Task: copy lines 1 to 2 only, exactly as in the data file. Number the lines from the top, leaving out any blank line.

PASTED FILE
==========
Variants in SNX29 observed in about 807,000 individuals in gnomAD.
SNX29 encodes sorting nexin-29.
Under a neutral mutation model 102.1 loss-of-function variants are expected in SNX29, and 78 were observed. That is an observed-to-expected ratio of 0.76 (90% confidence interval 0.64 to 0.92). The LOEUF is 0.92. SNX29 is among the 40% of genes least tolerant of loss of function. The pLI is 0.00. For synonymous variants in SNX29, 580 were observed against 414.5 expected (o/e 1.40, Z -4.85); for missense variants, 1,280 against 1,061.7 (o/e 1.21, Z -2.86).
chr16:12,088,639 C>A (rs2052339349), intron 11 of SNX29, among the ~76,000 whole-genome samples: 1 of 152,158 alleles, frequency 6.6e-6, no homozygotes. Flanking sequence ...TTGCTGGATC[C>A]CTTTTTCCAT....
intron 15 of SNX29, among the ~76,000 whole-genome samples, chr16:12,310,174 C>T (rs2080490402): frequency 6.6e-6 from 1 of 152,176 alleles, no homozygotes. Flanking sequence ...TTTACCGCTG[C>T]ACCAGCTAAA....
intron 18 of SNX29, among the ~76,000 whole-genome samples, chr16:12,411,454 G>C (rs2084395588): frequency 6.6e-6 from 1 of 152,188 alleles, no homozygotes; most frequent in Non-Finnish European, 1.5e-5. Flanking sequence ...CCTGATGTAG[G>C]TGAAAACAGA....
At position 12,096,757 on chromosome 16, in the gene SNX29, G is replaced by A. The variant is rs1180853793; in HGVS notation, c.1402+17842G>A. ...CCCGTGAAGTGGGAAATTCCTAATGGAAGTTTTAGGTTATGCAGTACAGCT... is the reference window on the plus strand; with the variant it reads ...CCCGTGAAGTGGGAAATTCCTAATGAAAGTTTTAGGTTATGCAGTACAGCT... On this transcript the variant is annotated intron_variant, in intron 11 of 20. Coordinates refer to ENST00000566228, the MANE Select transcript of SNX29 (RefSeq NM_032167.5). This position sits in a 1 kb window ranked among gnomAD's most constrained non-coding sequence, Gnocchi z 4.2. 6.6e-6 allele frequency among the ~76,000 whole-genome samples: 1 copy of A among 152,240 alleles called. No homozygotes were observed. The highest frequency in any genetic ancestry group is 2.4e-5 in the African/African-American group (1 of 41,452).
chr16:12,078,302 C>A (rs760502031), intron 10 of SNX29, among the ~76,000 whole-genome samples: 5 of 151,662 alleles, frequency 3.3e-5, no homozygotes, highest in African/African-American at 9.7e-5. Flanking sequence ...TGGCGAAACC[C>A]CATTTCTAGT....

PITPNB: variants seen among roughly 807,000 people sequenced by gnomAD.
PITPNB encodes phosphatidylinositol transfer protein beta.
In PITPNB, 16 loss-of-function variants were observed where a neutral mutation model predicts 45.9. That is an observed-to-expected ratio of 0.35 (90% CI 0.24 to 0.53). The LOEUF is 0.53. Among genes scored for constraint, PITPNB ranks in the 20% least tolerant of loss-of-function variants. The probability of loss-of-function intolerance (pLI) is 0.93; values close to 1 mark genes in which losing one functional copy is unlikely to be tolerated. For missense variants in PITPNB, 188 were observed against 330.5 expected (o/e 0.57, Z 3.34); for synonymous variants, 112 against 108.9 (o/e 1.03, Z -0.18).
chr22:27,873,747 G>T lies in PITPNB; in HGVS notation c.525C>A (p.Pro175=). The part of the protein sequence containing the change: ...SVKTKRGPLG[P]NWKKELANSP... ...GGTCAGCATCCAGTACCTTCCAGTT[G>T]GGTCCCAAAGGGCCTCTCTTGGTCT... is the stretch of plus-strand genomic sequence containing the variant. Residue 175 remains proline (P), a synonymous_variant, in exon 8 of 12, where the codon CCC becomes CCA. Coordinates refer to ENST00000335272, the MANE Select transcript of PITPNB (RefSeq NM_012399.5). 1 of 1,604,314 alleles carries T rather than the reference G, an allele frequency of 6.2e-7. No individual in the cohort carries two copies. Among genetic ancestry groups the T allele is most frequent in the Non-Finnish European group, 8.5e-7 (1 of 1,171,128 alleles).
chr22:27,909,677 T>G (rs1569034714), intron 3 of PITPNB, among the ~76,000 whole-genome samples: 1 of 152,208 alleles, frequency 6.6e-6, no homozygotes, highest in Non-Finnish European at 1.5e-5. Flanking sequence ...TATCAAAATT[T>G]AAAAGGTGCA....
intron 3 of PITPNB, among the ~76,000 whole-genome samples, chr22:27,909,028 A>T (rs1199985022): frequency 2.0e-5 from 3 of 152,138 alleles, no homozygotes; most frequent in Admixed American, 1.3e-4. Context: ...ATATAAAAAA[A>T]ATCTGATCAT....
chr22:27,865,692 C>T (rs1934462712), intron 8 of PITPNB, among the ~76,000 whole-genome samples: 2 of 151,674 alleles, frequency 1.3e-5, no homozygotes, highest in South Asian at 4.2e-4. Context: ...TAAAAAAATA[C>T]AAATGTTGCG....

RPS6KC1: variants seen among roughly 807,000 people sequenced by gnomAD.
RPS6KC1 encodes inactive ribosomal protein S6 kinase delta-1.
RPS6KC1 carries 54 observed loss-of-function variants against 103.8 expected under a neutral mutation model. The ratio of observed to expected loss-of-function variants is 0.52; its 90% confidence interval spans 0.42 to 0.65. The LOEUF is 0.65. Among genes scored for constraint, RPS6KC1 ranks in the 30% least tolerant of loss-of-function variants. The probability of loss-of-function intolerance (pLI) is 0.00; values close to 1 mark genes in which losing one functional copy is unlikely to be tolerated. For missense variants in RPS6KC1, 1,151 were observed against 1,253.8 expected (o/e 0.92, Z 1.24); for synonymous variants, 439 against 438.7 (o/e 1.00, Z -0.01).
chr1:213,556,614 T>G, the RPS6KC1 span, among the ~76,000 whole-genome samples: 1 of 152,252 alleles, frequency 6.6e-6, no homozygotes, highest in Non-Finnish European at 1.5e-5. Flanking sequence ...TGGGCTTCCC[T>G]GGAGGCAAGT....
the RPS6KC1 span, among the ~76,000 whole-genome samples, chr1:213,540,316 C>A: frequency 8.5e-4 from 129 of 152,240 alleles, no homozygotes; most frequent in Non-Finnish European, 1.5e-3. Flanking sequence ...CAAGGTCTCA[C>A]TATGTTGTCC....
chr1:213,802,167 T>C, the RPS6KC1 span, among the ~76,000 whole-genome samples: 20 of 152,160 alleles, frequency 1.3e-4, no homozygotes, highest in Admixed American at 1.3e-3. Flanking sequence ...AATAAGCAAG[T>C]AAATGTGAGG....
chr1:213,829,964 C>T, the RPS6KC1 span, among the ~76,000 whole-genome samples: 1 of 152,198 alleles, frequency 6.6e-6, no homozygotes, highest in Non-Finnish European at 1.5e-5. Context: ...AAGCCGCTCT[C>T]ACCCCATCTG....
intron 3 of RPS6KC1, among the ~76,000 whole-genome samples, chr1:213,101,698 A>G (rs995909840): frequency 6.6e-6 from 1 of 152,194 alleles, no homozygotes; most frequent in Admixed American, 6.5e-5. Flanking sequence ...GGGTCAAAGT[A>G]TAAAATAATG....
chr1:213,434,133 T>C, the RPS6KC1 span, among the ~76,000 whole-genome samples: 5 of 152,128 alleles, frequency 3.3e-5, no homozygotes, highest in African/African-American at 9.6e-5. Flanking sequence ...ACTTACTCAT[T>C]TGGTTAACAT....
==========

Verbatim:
Variants in SNX29 observed in about 807,000 individuals in gnomAD.
SNX29 encodes sorting nexin-29.